A: It's all code.
Q: Are you schooled musicians or from the University of Hard Knocks?
A: I got kicked out of the University of Hard Knocks and went to work at The Factory of Hard Knocks. Two of us have college degrees, but not me. They ended up at the factory anyway.
Q: You are currently touring. How have you been received up North and out West?
A: We're always touring. Up North and out West both treat us fantastic. Much better than in the South and Midwest, not counting Chicago, which has long treated us great.
Q: The world lost two of its greatest with the passing of Johnny Cash and his wife June Carter Cash. How did this affect you?
A: Very sad. At least they're together again now -- no doubt having a feast.
Q: You have been compared to Lynyrd Skynyrd and Neil Young. They have an infamous war of words with "Southern Man" and "Sweet Home Alabama." Which song is in your CD player?
A: Neither. Right now I have The Tom Collins' (great band from Atlanta) new album playing. Just listened to the new Richard Thompson album and the new album by Centro-Matic. I do love the new Neil Young album ("Greendale"). For the record, Neil and Ronnie's war of words was all meant in fun and they became friends and were big time mutual admirers (but then you know that, since it's all documented on our song "Ronnie and Neil" from "Southern Rock Opera").
Q: How do you feel about file sharing?
A: I'm all for it. It's the radio of the new millennium. The corporate fools are just too stupid to realize it. I'll dance on the music industry's grave and howl at the moon. For the record, our current label, New West Records, have shown themselves to be very cool and quite progressive on most matters. They will no doubt survive to dance and howl with me.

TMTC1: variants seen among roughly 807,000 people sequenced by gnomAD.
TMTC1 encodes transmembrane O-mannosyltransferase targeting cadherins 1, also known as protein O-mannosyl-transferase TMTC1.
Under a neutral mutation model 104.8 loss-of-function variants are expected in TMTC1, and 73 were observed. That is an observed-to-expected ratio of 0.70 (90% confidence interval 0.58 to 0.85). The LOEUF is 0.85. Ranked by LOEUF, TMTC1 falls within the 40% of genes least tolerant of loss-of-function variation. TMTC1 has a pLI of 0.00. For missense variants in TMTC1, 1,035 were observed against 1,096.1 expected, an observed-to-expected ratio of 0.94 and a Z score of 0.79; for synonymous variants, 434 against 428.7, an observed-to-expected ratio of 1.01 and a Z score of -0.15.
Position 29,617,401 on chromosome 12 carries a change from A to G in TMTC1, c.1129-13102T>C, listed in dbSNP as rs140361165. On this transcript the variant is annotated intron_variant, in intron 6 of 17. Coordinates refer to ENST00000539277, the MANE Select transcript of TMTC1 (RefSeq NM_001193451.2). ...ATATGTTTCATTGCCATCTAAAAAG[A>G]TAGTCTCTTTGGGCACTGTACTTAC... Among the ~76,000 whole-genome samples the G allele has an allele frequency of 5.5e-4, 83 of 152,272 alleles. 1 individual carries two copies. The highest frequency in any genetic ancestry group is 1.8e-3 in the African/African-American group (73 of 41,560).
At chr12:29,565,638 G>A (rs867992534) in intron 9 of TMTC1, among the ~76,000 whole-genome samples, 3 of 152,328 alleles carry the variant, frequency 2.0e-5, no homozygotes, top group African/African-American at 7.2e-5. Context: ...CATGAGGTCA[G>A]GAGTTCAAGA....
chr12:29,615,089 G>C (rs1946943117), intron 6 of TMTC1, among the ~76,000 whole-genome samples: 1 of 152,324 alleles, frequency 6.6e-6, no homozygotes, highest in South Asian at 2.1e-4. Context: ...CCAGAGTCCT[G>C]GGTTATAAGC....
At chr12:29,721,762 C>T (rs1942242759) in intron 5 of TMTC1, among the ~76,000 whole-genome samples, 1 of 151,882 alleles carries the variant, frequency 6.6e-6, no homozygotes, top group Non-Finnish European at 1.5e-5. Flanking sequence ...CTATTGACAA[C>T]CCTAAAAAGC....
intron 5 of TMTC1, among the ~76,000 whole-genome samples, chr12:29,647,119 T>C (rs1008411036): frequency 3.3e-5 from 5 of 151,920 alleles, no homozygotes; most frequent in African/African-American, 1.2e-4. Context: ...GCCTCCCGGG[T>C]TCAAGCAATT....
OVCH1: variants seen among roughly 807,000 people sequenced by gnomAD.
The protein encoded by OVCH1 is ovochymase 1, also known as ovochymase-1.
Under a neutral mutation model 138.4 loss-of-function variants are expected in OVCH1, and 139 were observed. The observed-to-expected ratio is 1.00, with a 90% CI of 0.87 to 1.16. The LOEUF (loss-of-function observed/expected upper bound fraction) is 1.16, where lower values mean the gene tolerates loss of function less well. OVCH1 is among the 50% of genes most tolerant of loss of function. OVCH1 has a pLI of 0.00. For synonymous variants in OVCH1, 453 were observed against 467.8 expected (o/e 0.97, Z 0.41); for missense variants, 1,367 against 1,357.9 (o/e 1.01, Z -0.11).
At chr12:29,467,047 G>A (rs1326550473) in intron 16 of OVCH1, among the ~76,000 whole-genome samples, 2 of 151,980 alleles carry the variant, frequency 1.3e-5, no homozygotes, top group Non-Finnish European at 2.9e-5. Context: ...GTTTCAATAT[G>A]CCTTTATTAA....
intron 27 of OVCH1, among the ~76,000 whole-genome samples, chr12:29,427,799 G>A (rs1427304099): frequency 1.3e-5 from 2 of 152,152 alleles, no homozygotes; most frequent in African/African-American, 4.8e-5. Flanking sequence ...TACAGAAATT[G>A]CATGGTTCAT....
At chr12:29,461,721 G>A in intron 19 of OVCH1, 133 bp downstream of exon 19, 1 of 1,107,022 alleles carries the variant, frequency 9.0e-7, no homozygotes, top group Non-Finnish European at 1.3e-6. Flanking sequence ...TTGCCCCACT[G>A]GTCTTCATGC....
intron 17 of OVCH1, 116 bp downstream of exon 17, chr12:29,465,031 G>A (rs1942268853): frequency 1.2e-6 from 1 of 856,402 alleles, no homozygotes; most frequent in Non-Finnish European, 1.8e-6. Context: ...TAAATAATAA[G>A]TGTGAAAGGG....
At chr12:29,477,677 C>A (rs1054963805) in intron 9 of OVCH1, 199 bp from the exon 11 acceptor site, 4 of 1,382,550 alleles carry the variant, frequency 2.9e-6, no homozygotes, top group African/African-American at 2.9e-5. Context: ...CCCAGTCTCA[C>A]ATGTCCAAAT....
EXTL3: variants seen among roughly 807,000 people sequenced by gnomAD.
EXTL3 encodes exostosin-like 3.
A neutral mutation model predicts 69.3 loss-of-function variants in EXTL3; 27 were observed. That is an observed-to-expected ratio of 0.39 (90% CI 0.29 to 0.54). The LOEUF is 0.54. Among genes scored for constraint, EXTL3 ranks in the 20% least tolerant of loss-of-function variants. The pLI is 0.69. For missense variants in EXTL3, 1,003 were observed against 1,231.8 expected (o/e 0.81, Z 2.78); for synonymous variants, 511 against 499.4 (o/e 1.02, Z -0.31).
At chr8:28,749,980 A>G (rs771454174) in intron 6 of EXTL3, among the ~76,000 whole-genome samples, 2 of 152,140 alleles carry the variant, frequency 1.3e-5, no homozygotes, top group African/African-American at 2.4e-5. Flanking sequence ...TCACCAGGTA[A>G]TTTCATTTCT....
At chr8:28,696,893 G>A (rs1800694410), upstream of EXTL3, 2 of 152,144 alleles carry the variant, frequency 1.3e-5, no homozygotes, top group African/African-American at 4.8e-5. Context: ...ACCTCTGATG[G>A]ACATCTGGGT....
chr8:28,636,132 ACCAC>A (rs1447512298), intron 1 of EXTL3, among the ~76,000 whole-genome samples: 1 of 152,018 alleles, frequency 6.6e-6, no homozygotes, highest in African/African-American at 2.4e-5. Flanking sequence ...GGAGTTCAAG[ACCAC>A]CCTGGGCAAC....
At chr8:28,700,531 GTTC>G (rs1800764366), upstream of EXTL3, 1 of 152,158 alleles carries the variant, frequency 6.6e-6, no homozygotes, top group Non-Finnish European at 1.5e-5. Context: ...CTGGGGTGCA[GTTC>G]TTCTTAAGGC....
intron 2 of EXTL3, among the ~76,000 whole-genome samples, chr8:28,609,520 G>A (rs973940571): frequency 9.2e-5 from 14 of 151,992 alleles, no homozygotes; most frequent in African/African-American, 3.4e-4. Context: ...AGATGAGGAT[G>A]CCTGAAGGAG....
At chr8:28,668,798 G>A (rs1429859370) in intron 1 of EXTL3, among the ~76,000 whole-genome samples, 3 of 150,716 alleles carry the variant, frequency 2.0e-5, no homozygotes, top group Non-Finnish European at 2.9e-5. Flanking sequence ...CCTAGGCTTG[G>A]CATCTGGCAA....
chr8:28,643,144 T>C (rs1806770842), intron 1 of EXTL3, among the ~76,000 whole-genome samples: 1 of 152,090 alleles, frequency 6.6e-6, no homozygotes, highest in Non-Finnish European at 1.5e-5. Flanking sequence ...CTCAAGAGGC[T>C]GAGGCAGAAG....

Q: What's next for the band?
A: We are currently recording both a new album and an EP for release next year. The EP is our dirty little love letter to rock 'n' roll and will be a concise hard rocking affair. The album is tentatively called "The Dirty South" (although it could easily change). It seems to deal with what can cause an otherwise good man to do terrible things — murder, arson, tornadoes, sacrificing oneself to protect your family — that sort of thing. We're also still touring behind "Decoration Day" for the next few months.
Q: Are you political?
A: I sure tried not to be, but the extent to which those evildoers in D.C. have [expletive] stuff up has reawakened my activist streak with a vengeance.
Q: Anything else you want to say?
A: We've spent most of the last five years living on the road. I'm pleased to say that 99 percent of the folks we've met are just great people who do the best they can to do the right thing. The news only reports the bad [expletive], then the powers that be react to that. Keeping everyone afraid is good for business but bad for life as we know it. The rest of the world thinks we're acting like [expletive] and we are. Rock 'n' roll is alive and well and living at a stinking dive bar near you. Roll down your window and take a deep breath, but whatever you do, don't drink the water.